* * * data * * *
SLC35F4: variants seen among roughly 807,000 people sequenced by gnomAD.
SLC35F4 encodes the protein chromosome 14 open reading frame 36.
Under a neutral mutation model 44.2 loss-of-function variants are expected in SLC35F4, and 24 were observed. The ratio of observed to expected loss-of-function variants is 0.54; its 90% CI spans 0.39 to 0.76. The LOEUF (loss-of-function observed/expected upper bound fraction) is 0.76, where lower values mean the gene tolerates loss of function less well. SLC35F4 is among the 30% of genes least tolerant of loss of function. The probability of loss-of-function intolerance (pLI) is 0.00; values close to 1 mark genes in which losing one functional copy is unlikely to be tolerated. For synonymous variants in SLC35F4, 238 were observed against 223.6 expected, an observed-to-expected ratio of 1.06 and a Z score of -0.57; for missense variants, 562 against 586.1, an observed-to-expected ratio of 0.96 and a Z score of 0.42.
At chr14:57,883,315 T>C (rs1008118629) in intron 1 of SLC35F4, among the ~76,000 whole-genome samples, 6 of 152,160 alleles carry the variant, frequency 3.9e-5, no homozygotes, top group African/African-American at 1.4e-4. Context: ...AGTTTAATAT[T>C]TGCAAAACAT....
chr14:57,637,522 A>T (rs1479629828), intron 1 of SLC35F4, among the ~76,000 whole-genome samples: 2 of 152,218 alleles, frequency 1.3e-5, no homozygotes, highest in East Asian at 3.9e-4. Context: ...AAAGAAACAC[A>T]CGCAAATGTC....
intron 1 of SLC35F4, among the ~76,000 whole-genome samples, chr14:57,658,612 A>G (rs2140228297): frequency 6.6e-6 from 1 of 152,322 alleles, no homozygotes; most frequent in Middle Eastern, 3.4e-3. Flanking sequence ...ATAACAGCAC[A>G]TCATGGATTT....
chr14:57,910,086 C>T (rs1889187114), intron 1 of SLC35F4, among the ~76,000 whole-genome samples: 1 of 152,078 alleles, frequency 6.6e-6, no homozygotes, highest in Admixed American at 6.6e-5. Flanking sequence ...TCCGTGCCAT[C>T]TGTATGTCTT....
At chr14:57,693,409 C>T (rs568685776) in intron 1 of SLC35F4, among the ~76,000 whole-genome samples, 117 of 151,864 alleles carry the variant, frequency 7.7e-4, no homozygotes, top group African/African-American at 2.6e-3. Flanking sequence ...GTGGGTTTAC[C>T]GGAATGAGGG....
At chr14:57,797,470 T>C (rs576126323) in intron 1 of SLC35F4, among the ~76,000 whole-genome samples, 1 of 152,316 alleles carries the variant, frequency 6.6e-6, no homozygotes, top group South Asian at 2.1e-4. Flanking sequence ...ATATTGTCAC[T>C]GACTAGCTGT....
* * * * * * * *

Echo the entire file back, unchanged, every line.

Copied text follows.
SLC35F4: variants seen among roughly 807,000 people sequenced by gnomAD.
SLC35F4 encodes the protein chromosome 14 open reading frame 36.
Under a neutral mutation model 44.2 loss-of-function variants are expected in SLC35F4, and 24 were observed. The ratio of observed to expected loss-of-function variants is 0.54; its 90% CI spans 0.39 to 0.76. The LOEUF (loss-of-function observed/expected upper bound fraction) is 0.76, where lower values mean the gene tolerates loss of function less well. SLC35F4 is among the 30% of genes least tolerant of loss of function. The probability of loss-of-function intolerance (pLI) is 0.00; values close to 1 mark genes in which losing one functional copy is unlikely to be tolerated. For synonymous variants in SLC35F4, 238 were observed against 223.6 expected, an observed-to-expected ratio of 1.06 and a Z score of -0.57; for missense variants, 562 against 586.1, an observed-to-expected ratio of 0.96 and a Z score of 0.42.
At chr14:57,883,315 T>C (rs1008118629) in intron 1 of SLC35F4, among the ~76,000 whole-genome samples, 6 of 152,160 alleles carry the variant, frequency 3.9e-5, no homozygotes, top group African/African-American at 1.4e-4. Context: ...AGTTTAATAT[T>C]TGCAAAACAT....
chr14:57,637,522 A>T (rs1479629828), intron 1 of SLC35F4, among the ~76,000 whole-genome samples: 2 of 152,218 alleles, frequency 1.3e-5, no homozygotes, highest in East Asian at 3.9e-4. Context: ...AAAGAAACAC[A>T]CGCAAATGTC....
intron 1 of SLC35F4, among the ~76,000 whole-genome samples, chr14:57,658,612 A>G (rs2140228297): frequency 6.6e-6 from 1 of 152,322 alleles, no homozygotes; most frequent in Middle Eastern, 3.4e-3. Flanking sequence ...ATAACAGCAC[A>G]TCATGGATTT....
chr14:57,910,086 C>T (rs1889187114), intron 1 of SLC35F4, among the ~76,000 whole-genome samples: 1 of 152,078 alleles, frequency 6.6e-6, no homozygotes, highest in Admixed American at 6.6e-5. Flanking sequence ...TCCGTGCCAT[C>T]TGTATGTCTT....
At chr14:57,693,409 C>T (rs568685776) in intron 1 of SLC35F4, among the ~76,000 whole-genome samples, 117 of 151,864 alleles carry the variant, frequency 7.7e-4, no homozygotes, top group African/African-American at 2.6e-3. Flanking sequence ...GTGGGTTTAC[C>T]GGAATGAGGG....
At chr14:57,797,470 T>C (rs576126323) in intron 1 of SLC35F4, among the ~76,000 whole-genome samples, 1 of 152,316 alleles carries the variant, frequency 6.6e-6, no homozygotes, top group South Asian at 2.1e-4. Flanking sequence ...ATATTGTCAC[T>C]GACTAGCTGT....